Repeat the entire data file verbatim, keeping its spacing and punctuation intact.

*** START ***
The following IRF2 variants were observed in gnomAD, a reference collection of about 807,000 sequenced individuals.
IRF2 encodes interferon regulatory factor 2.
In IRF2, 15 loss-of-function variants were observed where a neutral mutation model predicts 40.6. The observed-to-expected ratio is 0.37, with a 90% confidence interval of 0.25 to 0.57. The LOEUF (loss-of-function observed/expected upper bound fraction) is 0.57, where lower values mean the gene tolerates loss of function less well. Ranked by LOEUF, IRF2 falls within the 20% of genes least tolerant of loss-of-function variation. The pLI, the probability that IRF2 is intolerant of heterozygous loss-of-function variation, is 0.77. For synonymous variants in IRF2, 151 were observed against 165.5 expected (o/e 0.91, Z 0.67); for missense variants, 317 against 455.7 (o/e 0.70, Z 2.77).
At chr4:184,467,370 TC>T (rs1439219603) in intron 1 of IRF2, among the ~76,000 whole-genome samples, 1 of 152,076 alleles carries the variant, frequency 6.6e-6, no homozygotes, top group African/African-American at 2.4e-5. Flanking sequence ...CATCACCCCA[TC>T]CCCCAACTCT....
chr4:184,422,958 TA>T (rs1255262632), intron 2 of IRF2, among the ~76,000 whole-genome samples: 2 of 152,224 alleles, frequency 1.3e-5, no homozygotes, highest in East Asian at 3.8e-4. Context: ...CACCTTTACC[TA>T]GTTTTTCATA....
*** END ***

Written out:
The following IRF2 variants were observed in gnomAD, a reference collection of about 807,000 sequenced individuals.
IRF2 encodes interferon regulatory factor 2.
In IRF2, 15 loss-of-function variants were observed where a neutral mutation model predicts 40.6. The observed-to-expected ratio is 0.37, with a 90% confidence interval of 0.25 to 0.57. The LOEUF (loss-of-function observed/expected upper bound fraction) is 0.57, where lower values mean the gene tolerates loss of function less well. Ranked by LOEUF, IRF2 falls within the 20% of genes least tolerant of loss-of-function variation. The pLI, the probability that IRF2 is intolerant of heterozygous loss-of-function variation, is 0.77. For synonymous variants in IRF2, 151 were observed against 165.5 expected (o/e 0.91, Z 0.67); for missense variants, 317 against 455.7 (o/e 0.70, Z 2.77).
At chr4:184,467,370 TC>T (rs1439219603) in intron 1 of IRF2, among the ~76,000 whole-genome samples, 1 of 152,076 alleles carries the variant, frequency 6.6e-6, no homozygotes, top group African/African-American at 2.4e-5. Flanking sequence ...CATCACCCCA[TC>T]CCCCAACTCT....
chr4:184,422,958 TA>T (rs1255262632), intron 2 of IRF2, among the ~76,000 whole-genome samples: 2 of 152,224 alleles, frequency 1.3e-5, no homozygotes, highest in East Asian at 3.8e-4. Context: ...CACCTTTACC[TA>T]GTTTTTCATA....